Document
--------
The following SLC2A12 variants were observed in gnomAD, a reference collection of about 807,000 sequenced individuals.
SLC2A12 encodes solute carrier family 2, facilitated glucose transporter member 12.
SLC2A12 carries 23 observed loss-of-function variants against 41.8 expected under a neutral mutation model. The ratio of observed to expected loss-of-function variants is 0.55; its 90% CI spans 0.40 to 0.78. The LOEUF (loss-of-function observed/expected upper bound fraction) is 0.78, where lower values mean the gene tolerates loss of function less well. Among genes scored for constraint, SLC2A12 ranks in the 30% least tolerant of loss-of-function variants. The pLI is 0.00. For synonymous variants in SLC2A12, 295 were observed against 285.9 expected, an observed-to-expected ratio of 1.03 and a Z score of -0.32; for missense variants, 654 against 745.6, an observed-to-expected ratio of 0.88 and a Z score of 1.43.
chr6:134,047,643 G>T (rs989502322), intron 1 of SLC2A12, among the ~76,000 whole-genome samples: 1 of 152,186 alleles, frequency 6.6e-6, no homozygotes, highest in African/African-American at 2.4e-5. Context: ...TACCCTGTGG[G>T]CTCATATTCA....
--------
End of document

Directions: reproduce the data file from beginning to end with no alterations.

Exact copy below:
The following SLC2A12 variants were observed in gnomAD, a reference collection of about 807,000 sequenced individuals.
SLC2A12 encodes solute carrier family 2, facilitated glucose transporter member 12.
SLC2A12 carries 23 observed loss-of-function variants against 41.8 expected under a neutral mutation model. The ratio of observed to expected loss-of-function variants is 0.55; its 90% CI spans 0.40 to 0.78. The LOEUF (loss-of-function observed/expected upper bound fraction) is 0.78, where lower values mean the gene tolerates loss of function less well. Among genes scored for constraint, SLC2A12 ranks in the 30% least tolerant of loss-of-function variants. The pLI is 0.00. For synonymous variants in SLC2A12, 295 were observed against 285.9 expected, an observed-to-expected ratio of 1.03 and a Z score of -0.32; for missense variants, 654 against 745.6, an observed-to-expected ratio of 0.88 and a Z score of 1.43.
chr6:134,047,643 G>T (rs989502322), intron 1 of SLC2A12, among the ~76,000 whole-genome samples: 1 of 152,186 alleles, frequency 6.6e-6, no homozygotes, highest in African/African-American at 2.4e-5. Context: ...TACCCTGTGG[G>T]CTCATATTCA....